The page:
Kubernetes Manifests

Introduction

Where we left off, we had just finished deploying our gitea platform for holding our configuration data. However, there’s a snag: we had to do a lot of manual work in rancher to make this happen. How would we deploy in a “docker-compose” style?

Well there’s a secret we haven’t addressed: everything in kubernetes is infrastructure as code. All of it! We will go into how to utilize that below.

TL;DR

For this article, we will:

  • Generate a repository for our gitea deployment and copy out the kubernetes manifests
  • demonstrate a redeployment using just kubernetes manifests

YAML as far as the eye can see

Early on in this guide, I pointed out that just about every menu has a view as yaml option attached to it. Let’s visit that now. Actually, let’s have a look at our ingress that we just created:

As it turns out, everything we entered in our form has a corresponding YAML entry. In fact that’s exactly what rancher does when we’re using the creation forms: it’s just creating a special YAML file for kubernetes to use!

We’ve also used kubernetes manifests already. cert-manager has components (referred to as custom resource definitions or CRDs) that use kubernetes manifests, and Rancher doesn’t have a mechanism to present those manifests as a form. When we went through our Let’s Encrypt process, we were deploying kubernetes manifests directly!

Kubernetes uses YAML to track everything: configuration, status, unique IDs, everything. We can take advantage of this: by stripping out everything but the configuration data, we can generate the kubernetes equivalent of a docker compose file.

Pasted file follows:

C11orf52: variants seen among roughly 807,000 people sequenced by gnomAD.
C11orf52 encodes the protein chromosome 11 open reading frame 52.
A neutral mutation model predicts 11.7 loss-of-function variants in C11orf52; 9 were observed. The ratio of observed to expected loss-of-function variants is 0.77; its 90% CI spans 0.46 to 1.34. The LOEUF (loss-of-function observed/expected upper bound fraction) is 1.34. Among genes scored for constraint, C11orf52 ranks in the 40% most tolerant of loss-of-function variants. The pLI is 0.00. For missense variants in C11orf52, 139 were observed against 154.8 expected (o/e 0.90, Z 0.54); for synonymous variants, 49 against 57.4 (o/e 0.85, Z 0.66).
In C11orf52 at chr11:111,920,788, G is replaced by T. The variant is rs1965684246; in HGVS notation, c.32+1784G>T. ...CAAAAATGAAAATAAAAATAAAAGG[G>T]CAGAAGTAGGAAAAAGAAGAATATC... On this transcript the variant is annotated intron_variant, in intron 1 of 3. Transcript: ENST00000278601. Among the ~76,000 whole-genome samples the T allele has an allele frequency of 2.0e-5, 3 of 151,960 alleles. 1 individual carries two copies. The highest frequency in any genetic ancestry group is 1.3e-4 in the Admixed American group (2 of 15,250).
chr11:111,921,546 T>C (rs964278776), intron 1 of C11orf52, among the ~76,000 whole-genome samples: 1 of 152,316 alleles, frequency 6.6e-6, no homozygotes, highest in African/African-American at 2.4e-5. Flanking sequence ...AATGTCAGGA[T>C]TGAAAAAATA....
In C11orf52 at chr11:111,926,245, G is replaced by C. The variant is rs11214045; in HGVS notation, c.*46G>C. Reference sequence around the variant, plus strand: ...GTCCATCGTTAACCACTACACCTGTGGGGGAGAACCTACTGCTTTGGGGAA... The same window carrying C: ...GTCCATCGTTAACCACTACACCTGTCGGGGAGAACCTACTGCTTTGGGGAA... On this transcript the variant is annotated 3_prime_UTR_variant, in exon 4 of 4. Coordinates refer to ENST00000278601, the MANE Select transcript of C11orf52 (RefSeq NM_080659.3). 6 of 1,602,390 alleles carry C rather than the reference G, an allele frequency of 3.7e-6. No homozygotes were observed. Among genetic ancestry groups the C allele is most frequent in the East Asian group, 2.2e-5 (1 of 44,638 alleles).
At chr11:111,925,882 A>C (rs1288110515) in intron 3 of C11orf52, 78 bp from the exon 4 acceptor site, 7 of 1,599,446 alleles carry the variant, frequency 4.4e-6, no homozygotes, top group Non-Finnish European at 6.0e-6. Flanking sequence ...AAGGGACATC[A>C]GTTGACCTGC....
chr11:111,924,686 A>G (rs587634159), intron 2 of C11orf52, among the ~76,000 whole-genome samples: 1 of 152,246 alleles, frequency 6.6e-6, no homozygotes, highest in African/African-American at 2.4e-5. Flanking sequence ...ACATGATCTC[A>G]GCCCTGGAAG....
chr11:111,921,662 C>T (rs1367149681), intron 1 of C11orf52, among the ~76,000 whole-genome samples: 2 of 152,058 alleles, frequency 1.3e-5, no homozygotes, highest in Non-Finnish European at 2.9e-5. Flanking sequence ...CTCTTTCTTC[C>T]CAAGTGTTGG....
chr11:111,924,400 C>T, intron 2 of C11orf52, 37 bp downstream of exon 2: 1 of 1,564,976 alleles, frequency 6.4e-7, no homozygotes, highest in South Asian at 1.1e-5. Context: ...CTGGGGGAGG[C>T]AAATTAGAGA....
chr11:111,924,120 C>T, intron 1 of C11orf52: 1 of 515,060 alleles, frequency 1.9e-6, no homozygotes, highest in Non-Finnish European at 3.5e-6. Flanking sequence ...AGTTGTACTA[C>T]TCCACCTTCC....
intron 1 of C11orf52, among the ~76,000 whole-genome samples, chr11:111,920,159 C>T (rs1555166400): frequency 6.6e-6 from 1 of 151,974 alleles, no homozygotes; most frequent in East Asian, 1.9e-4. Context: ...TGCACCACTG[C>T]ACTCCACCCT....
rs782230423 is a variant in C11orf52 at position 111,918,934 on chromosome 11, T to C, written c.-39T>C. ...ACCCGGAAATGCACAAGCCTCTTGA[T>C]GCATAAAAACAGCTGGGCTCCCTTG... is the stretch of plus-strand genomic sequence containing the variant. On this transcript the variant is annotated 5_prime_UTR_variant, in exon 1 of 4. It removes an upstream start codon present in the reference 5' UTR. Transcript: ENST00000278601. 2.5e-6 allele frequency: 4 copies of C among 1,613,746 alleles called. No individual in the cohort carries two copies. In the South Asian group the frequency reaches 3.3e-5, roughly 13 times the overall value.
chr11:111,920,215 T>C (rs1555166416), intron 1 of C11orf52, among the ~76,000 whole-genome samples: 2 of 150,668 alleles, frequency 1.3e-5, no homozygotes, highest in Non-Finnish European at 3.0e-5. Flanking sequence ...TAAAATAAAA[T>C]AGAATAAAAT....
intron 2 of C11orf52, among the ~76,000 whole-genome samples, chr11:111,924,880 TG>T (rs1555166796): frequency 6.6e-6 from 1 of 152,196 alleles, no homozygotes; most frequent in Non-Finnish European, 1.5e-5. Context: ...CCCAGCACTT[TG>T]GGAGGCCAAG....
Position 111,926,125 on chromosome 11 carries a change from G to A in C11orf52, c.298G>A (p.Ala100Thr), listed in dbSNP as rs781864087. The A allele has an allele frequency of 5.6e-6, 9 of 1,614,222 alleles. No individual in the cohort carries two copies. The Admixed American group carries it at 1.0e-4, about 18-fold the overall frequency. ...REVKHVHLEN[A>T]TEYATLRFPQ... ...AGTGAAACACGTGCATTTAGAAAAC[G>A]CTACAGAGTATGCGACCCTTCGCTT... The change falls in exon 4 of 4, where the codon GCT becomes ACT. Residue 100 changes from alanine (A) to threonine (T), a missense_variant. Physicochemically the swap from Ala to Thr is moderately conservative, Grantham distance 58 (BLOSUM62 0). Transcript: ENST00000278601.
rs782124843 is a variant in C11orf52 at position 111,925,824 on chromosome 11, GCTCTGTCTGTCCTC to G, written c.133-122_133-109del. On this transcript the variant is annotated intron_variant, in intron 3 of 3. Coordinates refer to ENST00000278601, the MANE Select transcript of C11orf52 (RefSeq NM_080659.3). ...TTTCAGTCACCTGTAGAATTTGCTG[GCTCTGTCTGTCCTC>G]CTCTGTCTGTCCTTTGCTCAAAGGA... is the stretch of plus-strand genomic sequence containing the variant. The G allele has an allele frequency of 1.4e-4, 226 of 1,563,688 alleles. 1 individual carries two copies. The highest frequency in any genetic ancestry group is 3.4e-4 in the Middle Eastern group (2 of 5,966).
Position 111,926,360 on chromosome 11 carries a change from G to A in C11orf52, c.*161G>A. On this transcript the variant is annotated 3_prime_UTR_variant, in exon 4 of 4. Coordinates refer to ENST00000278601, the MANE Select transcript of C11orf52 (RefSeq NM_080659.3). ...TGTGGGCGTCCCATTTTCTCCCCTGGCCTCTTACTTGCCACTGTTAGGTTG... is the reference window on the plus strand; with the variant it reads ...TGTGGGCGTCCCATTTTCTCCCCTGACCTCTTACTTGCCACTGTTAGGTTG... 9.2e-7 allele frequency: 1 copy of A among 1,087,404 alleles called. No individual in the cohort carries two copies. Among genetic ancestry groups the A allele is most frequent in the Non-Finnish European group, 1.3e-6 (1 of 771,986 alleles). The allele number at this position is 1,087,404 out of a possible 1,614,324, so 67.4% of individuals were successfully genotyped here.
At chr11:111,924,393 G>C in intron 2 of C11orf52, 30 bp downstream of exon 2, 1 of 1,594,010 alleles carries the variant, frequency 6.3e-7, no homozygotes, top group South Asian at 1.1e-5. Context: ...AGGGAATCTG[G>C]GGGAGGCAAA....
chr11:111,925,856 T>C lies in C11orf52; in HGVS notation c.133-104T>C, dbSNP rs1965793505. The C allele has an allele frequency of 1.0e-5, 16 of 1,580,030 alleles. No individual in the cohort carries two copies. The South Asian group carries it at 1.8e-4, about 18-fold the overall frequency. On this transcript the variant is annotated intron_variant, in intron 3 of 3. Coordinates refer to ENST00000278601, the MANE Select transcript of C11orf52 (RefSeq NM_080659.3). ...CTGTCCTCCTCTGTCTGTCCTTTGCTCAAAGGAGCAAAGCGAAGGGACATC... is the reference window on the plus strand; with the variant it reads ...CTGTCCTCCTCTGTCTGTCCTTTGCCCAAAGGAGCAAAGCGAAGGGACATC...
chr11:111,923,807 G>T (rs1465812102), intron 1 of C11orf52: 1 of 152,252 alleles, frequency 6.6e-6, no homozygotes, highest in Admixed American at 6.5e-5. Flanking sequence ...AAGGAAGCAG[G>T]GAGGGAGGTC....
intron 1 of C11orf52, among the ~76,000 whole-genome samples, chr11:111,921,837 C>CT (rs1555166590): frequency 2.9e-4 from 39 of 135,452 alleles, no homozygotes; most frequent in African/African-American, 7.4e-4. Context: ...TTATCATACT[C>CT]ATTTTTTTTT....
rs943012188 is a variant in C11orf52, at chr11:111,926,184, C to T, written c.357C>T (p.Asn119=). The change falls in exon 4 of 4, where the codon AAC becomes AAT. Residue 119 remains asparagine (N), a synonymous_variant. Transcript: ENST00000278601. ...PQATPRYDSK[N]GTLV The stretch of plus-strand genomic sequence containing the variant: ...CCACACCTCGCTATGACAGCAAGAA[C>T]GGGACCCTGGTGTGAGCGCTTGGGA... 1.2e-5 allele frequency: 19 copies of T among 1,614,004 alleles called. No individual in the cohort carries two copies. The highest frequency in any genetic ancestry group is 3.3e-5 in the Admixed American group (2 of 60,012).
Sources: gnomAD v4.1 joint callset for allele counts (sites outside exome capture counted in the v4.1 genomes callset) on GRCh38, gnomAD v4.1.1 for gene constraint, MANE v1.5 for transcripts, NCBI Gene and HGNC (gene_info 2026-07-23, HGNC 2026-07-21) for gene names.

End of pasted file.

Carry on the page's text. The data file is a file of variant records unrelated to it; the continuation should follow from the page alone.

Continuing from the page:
Generating a Kubernetes Manifest with Rancher

Let’s use a practical example: Let’s clone our gitea ingress:

Now that we’ve cloned the ingress, let’s press the edit as YAML button:

We can now strip the extra comments, set the name in the metadata, and copy out that whole YAML file:

That file is what we call a kubernetes manifest. We can upload this file directly into rancher to recreate our ingress, no manual work needed.

Creating a Full Set of Manifests

Of course this manifest is only for an Ingress: There’s a heck of a lot more that goes into a deployment than an ingress. There’s also the persistent volume claims, the clusterIP service, the secret, and the deployment itself.

When uploading multiple files, we can chain together manifests using the separator ---.

Take a deep breath

Alright, here’s the manifest for our deployment:

The Service:

apiVersion: v1
kind: Service
metadata:
  name: 'gitea'
  annotations:
  labels:
    {}
  namespace: homelab
spec:
  selector:
    workload.user.cattle.io/workloadselector: apps.deployment-homelab-gitea
  type: ClusterIP
  ipFamilies:
    - IPv4
  ipFamilyPolicy: SingleStack
  ports:
    - name: http
      port: 3000
      protocol: TCP
      targetPort: 3000
  sessionAffinity: None

The Ingress (note that the domain has been replaced with mydomain):

apiVersion: networking.k8s.io/v1
kind: Ingress
metadata:
  name: 'gitea'
  annotations:
    nginx.ingress.kubernetes.io/force-ssl-redirect: 'true'
  labels:
    {}
  namespace: homelab
spec:
  rules:
    - host: git.mydomain.com.au